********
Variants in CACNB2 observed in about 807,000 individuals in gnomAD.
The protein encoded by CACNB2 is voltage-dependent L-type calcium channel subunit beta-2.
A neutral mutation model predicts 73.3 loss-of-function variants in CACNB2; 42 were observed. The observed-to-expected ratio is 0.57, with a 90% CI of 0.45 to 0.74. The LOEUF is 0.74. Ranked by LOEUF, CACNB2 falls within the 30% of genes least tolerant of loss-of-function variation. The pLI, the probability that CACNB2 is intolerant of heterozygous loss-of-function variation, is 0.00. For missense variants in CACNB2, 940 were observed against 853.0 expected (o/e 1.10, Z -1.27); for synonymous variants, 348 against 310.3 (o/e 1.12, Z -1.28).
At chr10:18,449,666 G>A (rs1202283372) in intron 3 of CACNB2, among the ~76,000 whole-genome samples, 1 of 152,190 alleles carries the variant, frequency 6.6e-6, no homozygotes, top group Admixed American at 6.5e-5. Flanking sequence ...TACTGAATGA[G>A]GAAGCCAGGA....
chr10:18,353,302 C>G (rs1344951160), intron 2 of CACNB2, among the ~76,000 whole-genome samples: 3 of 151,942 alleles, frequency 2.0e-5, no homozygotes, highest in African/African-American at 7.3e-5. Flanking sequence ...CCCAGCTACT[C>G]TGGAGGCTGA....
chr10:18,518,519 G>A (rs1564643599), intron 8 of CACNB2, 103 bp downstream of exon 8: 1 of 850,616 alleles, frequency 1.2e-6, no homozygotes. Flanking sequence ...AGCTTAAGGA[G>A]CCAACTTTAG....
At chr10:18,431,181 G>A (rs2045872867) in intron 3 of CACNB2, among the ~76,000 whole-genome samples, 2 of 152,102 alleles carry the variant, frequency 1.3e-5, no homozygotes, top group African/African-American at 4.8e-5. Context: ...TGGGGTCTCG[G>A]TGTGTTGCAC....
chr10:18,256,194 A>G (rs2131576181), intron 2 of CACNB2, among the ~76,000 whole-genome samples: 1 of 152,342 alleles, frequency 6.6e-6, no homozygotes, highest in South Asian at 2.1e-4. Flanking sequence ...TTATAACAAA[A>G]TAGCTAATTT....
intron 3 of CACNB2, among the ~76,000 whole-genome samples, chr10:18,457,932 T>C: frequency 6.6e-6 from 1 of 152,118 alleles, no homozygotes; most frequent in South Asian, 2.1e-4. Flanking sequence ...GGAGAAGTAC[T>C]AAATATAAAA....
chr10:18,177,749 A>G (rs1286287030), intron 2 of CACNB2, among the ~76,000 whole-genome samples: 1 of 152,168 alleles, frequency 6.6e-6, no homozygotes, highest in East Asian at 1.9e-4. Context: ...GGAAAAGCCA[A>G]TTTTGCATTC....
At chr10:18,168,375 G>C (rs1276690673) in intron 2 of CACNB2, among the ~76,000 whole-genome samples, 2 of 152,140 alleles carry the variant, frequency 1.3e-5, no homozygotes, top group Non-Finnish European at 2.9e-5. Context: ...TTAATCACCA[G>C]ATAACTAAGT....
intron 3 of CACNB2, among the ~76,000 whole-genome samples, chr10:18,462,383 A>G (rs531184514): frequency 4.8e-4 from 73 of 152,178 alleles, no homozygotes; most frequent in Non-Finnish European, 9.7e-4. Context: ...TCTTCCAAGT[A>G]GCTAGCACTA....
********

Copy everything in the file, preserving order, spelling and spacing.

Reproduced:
Variants in CACNB2 observed in about 807,000 individuals in gnomAD.
The protein encoded by CACNB2 is voltage-dependent L-type calcium channel subunit beta-2.
A neutral mutation model predicts 73.3 loss-of-function variants in CACNB2; 42 were observed. The observed-to-expected ratio is 0.57, with a 90% CI of 0.45 to 0.74. The LOEUF is 0.74. Ranked by LOEUF, CACNB2 falls within the 30% of genes least tolerant of loss-of-function variation. The pLI, the probability that CACNB2 is intolerant of heterozygous loss-of-function variation, is 0.00. For missense variants in CACNB2, 940 were observed against 853.0 expected (o/e 1.10, Z -1.27); for synonymous variants, 348 against 310.3 (o/e 1.12, Z -1.28).
At chr10:18,449,666 G>A (rs1202283372) in intron 3 of CACNB2, among the ~76,000 whole-genome samples, 1 of 152,190 alleles carries the variant, frequency 6.6e-6, no homozygotes, top group Admixed American at 6.5e-5. Flanking sequence ...TACTGAATGA[G>A]GAAGCCAGGA....
chr10:18,353,302 C>G (rs1344951160), intron 2 of CACNB2, among the ~76,000 whole-genome samples: 3 of 151,942 alleles, frequency 2.0e-5, no homozygotes, highest in African/African-American at 7.3e-5. Flanking sequence ...CCCAGCTACT[C>G]TGGAGGCTGA....
chr10:18,518,519 G>A (rs1564643599), intron 8 of CACNB2, 103 bp downstream of exon 8: 1 of 850,616 alleles, frequency 1.2e-6, no homozygotes. Flanking sequence ...AGCTTAAGGA[G>A]CCAACTTTAG....
At chr10:18,431,181 G>A (rs2045872867) in intron 3 of CACNB2, among the ~76,000 whole-genome samples, 2 of 152,102 alleles carry the variant, frequency 1.3e-5, no homozygotes, top group African/African-American at 4.8e-5. Context: ...TGGGGTCTCG[G>A]TGTGTTGCAC....
chr10:18,256,194 A>G (rs2131576181), intron 2 of CACNB2, among the ~76,000 whole-genome samples: 1 of 152,342 alleles, frequency 6.6e-6, no homozygotes, highest in South Asian at 2.1e-4. Flanking sequence ...TTATAACAAA[A>G]TAGCTAATTT....
intron 3 of CACNB2, among the ~76,000 whole-genome samples, chr10:18,457,932 T>C: frequency 6.6e-6 from 1 of 152,118 alleles, no homozygotes; most frequent in South Asian, 2.1e-4. Flanking sequence ...GGAGAAGTAC[T>C]AAATATAAAA....
chr10:18,177,749 A>G (rs1286287030), intron 2 of CACNB2, among the ~76,000 whole-genome samples: 1 of 152,168 alleles, frequency 6.6e-6, no homozygotes, highest in East Asian at 1.9e-4. Context: ...GGAAAAGCCA[A>G]TTTTGCATTC....
At chr10:18,168,375 G>C (rs1276690673) in intron 2 of CACNB2, among the ~76,000 whole-genome samples, 2 of 152,140 alleles carry the variant, frequency 1.3e-5, no homozygotes, top group Non-Finnish European at 2.9e-5. Context: ...TTAATCACCA[G>C]ATAACTAAGT....
intron 3 of CACNB2, among the ~76,000 whole-genome samples, chr10:18,462,383 A>G (rs531184514): frequency 4.8e-4 from 73 of 152,178 alleles, no homozygotes; most frequent in Non-Finnish European, 9.7e-4. Context: ...TCTTCCAAGT[A>G]GCTAGCACTA....